COLORADO SPRINGS –
When state bridge inspectors first spotted the crack in the concrete pillar of the Cimarron Bridge in 2012, it was so slight it wasn’t even considered a priority. But after two winters of freezing and thawing, the split widened to a dangerous level.
“Once a crack develops, it’s just going to keep growing with the freeze thaw cycles,” explained Alex Pellegrino, a Civil Engineer for the City of Colorado Springs. “As we’re seeing it today it’s probably a couple of inches wider than it was 2 years ago.”
The 56 year old bridge carries traffic over Fountain Creek and is not the newer bridge built in 2008 which crosses the railroad tracks.
It will eventually be torn down and replaced as part of new I-25 and Cimarron interchange project. In fact, C-DOT engineers noticed the deterioration while exploring the site for redesign.
Still, the crack had weakened the bridge’s substructure enough to classify it as structurally deficient, a designation that can require weight restrictions. City leaders realized they needed to shore the pillar up until it could be replaced.
“We had to jack up the bridge, put the steel beams under, go down to the foundation and that ensures that the bridge can support legal truck loads,” explained Senior Civil Engineer Aaron Egbert.
The repairs cost more than $100,000 and the funds came from the Pikes Peak Regional Transportation Authority. When voters renewed the one percent sales tax in 2012, the ballot language added an emergency fund specifically for bridge repairs.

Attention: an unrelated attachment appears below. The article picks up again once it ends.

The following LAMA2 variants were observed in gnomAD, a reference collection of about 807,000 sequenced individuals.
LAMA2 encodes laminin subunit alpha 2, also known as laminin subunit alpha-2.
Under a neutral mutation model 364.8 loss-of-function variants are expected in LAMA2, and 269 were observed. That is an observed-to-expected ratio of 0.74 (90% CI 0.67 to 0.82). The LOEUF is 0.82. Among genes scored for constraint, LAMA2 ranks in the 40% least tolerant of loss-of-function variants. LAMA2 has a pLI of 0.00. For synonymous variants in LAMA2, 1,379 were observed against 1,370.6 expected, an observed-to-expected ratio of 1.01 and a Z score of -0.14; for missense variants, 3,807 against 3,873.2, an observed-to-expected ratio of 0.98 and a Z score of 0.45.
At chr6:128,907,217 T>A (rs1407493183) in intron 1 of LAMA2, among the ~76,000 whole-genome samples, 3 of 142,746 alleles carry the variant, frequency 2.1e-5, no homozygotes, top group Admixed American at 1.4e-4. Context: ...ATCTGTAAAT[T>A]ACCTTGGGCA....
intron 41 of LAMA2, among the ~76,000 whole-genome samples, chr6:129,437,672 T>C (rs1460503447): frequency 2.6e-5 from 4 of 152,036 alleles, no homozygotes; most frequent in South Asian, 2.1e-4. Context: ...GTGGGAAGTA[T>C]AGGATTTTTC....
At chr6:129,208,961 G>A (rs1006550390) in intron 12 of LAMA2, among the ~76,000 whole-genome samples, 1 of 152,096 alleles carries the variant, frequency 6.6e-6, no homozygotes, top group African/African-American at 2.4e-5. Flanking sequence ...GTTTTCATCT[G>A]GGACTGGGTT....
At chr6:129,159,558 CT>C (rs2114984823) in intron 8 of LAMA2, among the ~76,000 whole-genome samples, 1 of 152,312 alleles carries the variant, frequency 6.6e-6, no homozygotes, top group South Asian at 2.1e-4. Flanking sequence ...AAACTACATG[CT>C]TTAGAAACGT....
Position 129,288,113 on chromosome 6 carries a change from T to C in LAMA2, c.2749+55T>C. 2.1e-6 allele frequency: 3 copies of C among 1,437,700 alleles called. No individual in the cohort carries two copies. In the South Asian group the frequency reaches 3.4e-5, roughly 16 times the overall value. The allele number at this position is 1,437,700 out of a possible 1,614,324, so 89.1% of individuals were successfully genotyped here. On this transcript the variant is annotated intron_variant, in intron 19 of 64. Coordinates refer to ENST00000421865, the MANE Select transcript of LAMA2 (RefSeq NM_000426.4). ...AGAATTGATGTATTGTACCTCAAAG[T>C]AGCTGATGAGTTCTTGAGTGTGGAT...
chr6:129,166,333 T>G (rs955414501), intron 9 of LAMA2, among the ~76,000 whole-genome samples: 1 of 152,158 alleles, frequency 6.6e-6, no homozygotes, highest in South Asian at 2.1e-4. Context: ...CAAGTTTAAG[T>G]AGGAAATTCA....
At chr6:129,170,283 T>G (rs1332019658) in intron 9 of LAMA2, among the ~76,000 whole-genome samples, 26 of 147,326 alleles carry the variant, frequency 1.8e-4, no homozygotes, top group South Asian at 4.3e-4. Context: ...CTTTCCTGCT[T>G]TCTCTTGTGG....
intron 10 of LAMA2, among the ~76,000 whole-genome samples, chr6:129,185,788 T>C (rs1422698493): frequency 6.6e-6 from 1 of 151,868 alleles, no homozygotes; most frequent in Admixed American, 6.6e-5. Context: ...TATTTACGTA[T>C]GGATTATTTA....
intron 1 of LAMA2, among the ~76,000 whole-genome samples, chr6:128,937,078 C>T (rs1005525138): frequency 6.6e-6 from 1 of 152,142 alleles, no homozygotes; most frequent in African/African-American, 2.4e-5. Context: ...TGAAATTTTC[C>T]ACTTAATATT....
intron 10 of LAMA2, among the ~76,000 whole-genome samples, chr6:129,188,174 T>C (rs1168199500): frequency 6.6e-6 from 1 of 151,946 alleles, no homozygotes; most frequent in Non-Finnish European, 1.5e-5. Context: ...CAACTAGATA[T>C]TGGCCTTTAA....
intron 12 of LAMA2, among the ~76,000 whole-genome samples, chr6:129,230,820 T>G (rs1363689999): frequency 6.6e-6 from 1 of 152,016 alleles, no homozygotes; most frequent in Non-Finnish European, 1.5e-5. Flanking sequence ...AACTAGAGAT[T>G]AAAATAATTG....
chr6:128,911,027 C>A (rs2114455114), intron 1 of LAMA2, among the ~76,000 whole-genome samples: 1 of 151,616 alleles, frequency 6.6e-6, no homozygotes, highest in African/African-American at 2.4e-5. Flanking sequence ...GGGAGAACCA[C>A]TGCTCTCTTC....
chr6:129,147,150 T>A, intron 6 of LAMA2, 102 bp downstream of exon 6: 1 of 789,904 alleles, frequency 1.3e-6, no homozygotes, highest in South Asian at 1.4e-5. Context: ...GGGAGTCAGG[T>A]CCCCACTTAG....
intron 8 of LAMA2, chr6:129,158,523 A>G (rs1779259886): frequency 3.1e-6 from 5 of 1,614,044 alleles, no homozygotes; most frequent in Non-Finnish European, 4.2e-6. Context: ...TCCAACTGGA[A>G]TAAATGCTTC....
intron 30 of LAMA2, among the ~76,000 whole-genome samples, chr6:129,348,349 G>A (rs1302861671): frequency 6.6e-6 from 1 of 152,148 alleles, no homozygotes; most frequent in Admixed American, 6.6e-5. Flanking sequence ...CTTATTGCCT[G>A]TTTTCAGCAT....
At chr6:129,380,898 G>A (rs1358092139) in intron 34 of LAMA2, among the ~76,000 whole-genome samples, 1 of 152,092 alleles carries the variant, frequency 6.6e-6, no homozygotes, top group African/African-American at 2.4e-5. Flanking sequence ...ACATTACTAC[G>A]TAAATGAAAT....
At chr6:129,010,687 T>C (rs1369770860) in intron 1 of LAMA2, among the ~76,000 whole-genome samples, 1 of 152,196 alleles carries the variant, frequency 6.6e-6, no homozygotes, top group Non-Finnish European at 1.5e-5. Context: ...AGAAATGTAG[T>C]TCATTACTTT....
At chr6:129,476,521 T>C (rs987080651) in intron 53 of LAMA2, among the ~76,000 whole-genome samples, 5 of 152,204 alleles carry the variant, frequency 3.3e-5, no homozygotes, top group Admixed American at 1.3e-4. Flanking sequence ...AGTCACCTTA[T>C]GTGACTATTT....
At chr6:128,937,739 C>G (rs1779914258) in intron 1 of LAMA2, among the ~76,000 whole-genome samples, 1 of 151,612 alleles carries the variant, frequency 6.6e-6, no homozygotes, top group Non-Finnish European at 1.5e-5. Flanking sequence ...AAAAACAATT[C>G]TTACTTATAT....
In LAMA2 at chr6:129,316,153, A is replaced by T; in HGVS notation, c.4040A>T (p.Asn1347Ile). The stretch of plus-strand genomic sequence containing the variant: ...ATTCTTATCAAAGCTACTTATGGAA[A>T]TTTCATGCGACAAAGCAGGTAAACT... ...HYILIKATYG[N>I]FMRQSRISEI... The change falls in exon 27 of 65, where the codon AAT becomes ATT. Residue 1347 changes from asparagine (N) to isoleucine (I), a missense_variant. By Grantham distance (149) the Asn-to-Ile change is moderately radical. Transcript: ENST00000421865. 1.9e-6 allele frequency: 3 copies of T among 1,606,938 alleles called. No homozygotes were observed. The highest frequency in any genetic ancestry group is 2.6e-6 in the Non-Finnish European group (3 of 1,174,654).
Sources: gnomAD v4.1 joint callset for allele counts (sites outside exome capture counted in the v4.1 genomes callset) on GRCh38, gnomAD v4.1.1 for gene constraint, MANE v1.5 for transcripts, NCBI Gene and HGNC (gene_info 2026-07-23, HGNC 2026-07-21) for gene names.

“Having those bridge funds are critical to us keeping these assets open and functioning properly,” Egbert said.
The repair is one of dozens of transportation improvements finished in the last decade thanks to the transportation authority.
“Nearly every transportation project in our region over the last 10 years has received PPRTA funding,” City Councilman Merv Bennett told a crowd gathered outside the Pikes Peak Area Council of Government Offices Wednesday.
The city and county called a news conference to celebrate the 10 year anniversary of the tax and to praise voters for twice investing in critical infrastructure.
During that decade, more than $700,000,000 was spent on dozens of major improvements across the region including the overpass at Austin Bluffs and Union and the Proby Parkway flyover and expansion. The authority leveraged the taxpayers money and qualify for a federal stimulus grants to build the overpass at Woodmen and Academy.
Annie Oatman-Gardner, who served on the steering committee to develop the RTA in the early 2000’s, noted that some 279,888 potholes had been filled using PPRTA funds.